Orange County pioneers Hisamatsu Tamura and Isajiro Oka's efforts to provide children's education is honored today: the Isojiro Oka Elementary School in Huntington Beach and the Hisamatsu Tamura Elementary School in Fountain Valley

   Hisamatsu Tamura also served as president of the Smeltzer Japanese Association (Smeltzer is part of present-day Huntington Beach), as had Charles Mitsuji Furuta (Historic Wintersburg's Furuta farm), Gunjiro Tajima (Junjiro Tashima, Wintersburg's Tashima Market), and Charles Kyutaro Ishii (an elder with the Wintersburg Japanese Presbyterian Mission).

   Although Tamura's brother, Noboru, was the eldest, he stayed working the family farm in Talbert in order to fund Stephen's early college education.  For the Issei and Nisei, it was simply understood they would make a commitment for the next generation in the spirit of "kodomo no tame ni" or, "for the sake of the children."

   In his blog, My Visit to Manzanar - My journey to Japanese America and more, Taka Go explains "it is important to describe that...a sense of collectivism among a family was integral for Japanese American families and communities, and it meant that the Tamura family supported Judge Tamura to achieve his goal....In other words, filial piety toward their family was considered very important, and parents supported their son well. Then, the sons supported their grandsons well."

   When questioned about their experience, many Nisei talk about their belief in their country and their focus on the future, which gave them strength to endure.  It can be difficult for younger generations to understand, looking back today at the clear civil liberties issues faced by Issei and Nisei.

   During his 1971 oral history interview for the then California State College, Fullerton, Japanese American Oral History Project, Newport Beach resident Mas Ueysugi explained to his interviewer John McFarlane.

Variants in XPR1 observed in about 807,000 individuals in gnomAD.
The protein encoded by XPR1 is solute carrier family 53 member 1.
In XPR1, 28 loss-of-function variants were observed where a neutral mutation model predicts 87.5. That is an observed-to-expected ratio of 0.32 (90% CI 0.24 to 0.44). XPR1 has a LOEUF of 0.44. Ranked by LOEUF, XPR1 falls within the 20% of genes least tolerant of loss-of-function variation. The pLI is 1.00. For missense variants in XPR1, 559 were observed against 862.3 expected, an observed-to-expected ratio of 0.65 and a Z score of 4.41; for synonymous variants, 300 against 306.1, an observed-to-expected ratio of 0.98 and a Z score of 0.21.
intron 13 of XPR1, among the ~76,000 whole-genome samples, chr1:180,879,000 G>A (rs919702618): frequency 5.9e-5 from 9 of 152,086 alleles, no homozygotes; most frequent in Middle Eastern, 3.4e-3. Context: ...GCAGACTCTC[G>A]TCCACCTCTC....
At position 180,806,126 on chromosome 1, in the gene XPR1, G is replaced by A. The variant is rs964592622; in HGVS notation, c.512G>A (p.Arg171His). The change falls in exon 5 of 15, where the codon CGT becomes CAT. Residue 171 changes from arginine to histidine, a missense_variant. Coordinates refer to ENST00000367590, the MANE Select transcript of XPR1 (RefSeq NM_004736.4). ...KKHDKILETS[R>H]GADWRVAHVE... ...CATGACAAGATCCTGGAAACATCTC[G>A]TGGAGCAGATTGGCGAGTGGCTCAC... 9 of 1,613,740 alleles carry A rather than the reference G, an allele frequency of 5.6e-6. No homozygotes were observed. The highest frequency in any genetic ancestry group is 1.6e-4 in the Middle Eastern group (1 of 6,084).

"...the Sansei and the Yonsei question us and they bombard us with these things. You know: 'Why? Why didn't you resist the evacuation? If we went through the same process now, would we accept it?' Sure, hypothetically we can say this, and we can say that. Or if you get in a position where a person points a gun at you, or you point a gun at them, you can certainly rationalize and say things now, but you don't know what your reaction will be at the time when something happens for real,"  said Ueysugi.  

   "So the only rebuttal that I have for our children is that they'll have to make their own decisions. We all have to make decisions, small or large, every day of our lives...Decisions are not always something so catastrophical as the evacuation. We tell them, "Well, these are things that were accomplished through perseverance and tenacity..."

   Ueysugi pointed to Justice Tamura as an example.

   "Our Justice Stephen K. Tamura, he recalls when he was refused entry to a public pool; in fact, they asked for his birth certificate when he tried to enter the swimming pool here at Memorial Park--who carries a certificate to a pool--or he had to sit up in the balcony--Is this possible? In Orange County?--here at West Coast Theatre," recalled Ueysugi.  "People remember these things. Despite that, he has excelled because of his excellence."

 *The Honorable Stephen K. Tamura Orange County Japanese American Oral History Project was cosponsored by the Historical and Cultural Foundation of Orange County, Japanese American Council and California State University, Fullerton, Oral History Program, Japanese American Project.

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  1. My then husband clerked for the Justice in 1973. Tamura shared a story with him about gardening in his front yard one day when a car stopped and asked what his gardening fees were. With his most gracious and kind smile he said "just too busy".

    1. Thank you for sharing this story. Another insight into Justice Tamura's character and the stereotypes faced by Japanese Americans.

  2. An amazing man.and strong wife. A true benefit to the USA .
    America is founded on people like this. We can never forget that.
    G.F.B. 442